ever have to go through. From what I can recall my dad was upset on how slow my laundry-process was going. I told him I was going as fast as I could and that that should be good enough for him (I’m actually not sure what I said, but if I know me-which I think I do-it would have been something around those lines). He did not take it well. I don’t really want to get into the details of what happened (it lasted close to 30 minutes) so I will write about the couple minutes that had the greatest effect on me. After being dragged across the house by my hair, up and down flights of stairs, my dad (for whatever crazed reason) “brought” me into his and my mom’s room, where at the time my brother (less than a year old) had been taking a nap. I just remember him screaming and crying. I didn’t care if I got hurt as long as my baby brother was ok. My maternal instinct (which is a fierce thing to behold when my brother is threatened) caused me to keep looking over my shoulder to make sure he was all right. But that angered my dad and he told me that if I looked over one more time I would wish I had never been born. I tried, so hard, not to look, but it was as if my head was connected to an invisible string and that string kept tugging in the direction of my brother’s crib. The next thing I knew was that I was on the floor, getting kicked while being screamed at to get up.
But it ended. All of it.
The day the abuse stopped was the second best and worst thing to ever happen to me. You see, with the absence of fear for my life I had the chance to think. I though about what happened. Why it happened. How my momma could have just let it happen. I couldn’t make sense of any of it. So I got mad. My floodgates of pain burst and I was set on having the world pay.
Some of you who know a fair amount about bipolar know one of the leading triggers is stress (although it is hereditary, stress can cause it to “show its self” earlier when else wise it may have been delayed and not be present until a later time) and, because my childhood had been so stressful, I had developed bipolar at a VERY young age. I was 14 when I began trying to rid myself of the pain, and any of you who have experienced that age know how messed up you are to start with.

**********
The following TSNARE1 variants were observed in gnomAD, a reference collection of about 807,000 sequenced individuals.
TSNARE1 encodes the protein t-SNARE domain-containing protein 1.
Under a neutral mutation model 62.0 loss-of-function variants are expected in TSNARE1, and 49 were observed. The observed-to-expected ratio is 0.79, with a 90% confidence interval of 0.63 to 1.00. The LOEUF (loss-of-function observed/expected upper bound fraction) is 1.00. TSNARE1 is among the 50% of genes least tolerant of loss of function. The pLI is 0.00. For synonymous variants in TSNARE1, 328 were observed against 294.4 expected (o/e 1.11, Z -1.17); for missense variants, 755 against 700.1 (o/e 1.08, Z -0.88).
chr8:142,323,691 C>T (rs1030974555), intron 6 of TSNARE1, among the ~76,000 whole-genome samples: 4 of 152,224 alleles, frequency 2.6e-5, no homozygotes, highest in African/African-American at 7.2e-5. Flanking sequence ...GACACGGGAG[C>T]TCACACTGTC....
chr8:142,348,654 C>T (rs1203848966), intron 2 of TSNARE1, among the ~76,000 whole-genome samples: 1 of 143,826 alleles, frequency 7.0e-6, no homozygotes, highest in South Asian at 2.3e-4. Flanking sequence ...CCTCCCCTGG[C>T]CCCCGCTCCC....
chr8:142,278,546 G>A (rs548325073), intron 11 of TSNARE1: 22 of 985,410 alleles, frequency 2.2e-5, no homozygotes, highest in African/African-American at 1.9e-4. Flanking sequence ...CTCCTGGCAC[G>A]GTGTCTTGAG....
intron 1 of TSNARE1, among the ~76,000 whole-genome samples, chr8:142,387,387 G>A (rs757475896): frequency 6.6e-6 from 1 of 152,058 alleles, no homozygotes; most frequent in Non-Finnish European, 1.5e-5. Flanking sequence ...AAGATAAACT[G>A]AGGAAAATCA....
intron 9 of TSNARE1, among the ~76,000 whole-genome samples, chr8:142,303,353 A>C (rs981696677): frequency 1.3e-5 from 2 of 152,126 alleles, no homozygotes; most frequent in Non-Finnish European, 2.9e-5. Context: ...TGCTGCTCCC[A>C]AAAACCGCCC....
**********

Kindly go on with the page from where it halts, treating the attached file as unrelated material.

I slept around. I drank. I stole. I snuck out almost nightly. I failed in school. I did every drug from weed to LSD to crystal meth. I cut myself. All I wanted was for the pain to end. Many teens, and even adults with bipolar know this path very well. Those who it doesn’t destroy, it kills. But, there are a lucky few who make it out, and I was one of them.
Towards the end of my 9th grade in high school I was sent to a part-time treatment center for teens and diagnosed with depression. Soon after that I was sent to the mental health “cubby” (that’s really what it was) of a local city hospital. I spent two weeks there and after, I found that I wanted to get better. Not just “get better” but to TRULY get better. I really can’t explain it better than that, perhaps you know what I mean, and perhaps you don’t- take what you will from it.
About 4 months later I was diagnosed with bipolar. That was the best thing to happen to me. Since then I am doing much better in school (with the occasional struggle) and in overall life. I’ve learned to forgive my parents (with many talks, bouts of crying, counseling, and a good dose of time) and above all, love and forgive myself. I now know that it was not my fault for what happened, I have nothing to be ashamed of, and that I’m a beautiful, smart, loveable girl whose life is full of delightful possibilities that stretch only as far as my imagination (and I happen to have a brilliant imagination.)
I am more than willing to email those struggling with bipolar and/or people struggling with someone with bipolar. I highly recommend DBT (dialectal behavior therapy) and reading “Child of Mine” (both helped my family-the book is my mother’s.)
(P.S. I do apologize for this hodgepodge of a story; I put it together in about 40 minutes.)
“We may not have caused all of our own problems, but we must be the one to fix them”
Amazing. Thanks you so much for sharing, Sophia.